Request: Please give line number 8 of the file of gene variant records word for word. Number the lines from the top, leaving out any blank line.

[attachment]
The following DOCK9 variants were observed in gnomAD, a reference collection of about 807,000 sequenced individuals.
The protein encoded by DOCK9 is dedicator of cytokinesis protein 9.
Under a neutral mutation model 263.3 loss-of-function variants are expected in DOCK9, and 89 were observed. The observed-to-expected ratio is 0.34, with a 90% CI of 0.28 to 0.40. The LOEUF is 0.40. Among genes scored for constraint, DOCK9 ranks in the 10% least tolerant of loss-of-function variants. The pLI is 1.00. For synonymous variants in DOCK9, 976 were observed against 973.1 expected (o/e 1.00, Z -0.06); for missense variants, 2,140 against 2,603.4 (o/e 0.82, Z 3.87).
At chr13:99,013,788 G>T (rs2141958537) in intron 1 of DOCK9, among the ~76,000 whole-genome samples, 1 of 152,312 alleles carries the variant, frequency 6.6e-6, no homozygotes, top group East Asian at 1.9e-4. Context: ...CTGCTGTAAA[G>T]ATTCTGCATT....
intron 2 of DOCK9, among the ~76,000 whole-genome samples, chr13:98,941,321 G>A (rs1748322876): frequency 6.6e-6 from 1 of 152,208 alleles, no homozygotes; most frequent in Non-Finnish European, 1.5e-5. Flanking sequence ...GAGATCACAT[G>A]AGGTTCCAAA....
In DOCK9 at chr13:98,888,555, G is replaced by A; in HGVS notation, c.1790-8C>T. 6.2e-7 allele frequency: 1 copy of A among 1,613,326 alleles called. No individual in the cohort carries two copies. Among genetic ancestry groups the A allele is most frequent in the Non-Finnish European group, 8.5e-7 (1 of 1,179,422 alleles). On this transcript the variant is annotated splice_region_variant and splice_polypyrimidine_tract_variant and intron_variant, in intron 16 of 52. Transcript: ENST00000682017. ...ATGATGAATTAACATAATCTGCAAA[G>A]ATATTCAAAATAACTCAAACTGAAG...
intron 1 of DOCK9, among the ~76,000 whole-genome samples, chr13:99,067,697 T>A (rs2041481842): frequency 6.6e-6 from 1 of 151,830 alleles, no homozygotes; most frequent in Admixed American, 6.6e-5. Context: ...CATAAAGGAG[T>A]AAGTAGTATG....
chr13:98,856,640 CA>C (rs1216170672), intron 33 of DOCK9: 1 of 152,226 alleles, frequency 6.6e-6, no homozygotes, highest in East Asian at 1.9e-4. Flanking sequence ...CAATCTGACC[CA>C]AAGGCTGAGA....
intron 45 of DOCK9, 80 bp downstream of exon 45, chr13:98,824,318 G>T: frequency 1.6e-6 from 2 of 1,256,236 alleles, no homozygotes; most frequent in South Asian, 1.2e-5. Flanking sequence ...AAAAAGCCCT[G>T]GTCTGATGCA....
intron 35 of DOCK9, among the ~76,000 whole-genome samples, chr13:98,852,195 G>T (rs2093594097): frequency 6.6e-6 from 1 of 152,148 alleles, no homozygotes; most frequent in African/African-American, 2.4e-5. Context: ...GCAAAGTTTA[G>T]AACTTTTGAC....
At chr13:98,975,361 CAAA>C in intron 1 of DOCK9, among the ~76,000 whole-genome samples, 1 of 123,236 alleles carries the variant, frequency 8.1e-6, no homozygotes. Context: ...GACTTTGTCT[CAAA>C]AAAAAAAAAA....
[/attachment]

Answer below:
chr13:98,856,640 CA>C (rs1216170672), intron 33 of DOCK9: 1 of 152,226 alleles, frequency 6.6e-6, no homozygotes, highest in East Asian at 1.9e-4. Flanking sequence ...CAATCTGACC[CA>C]AAGGCTGAGA....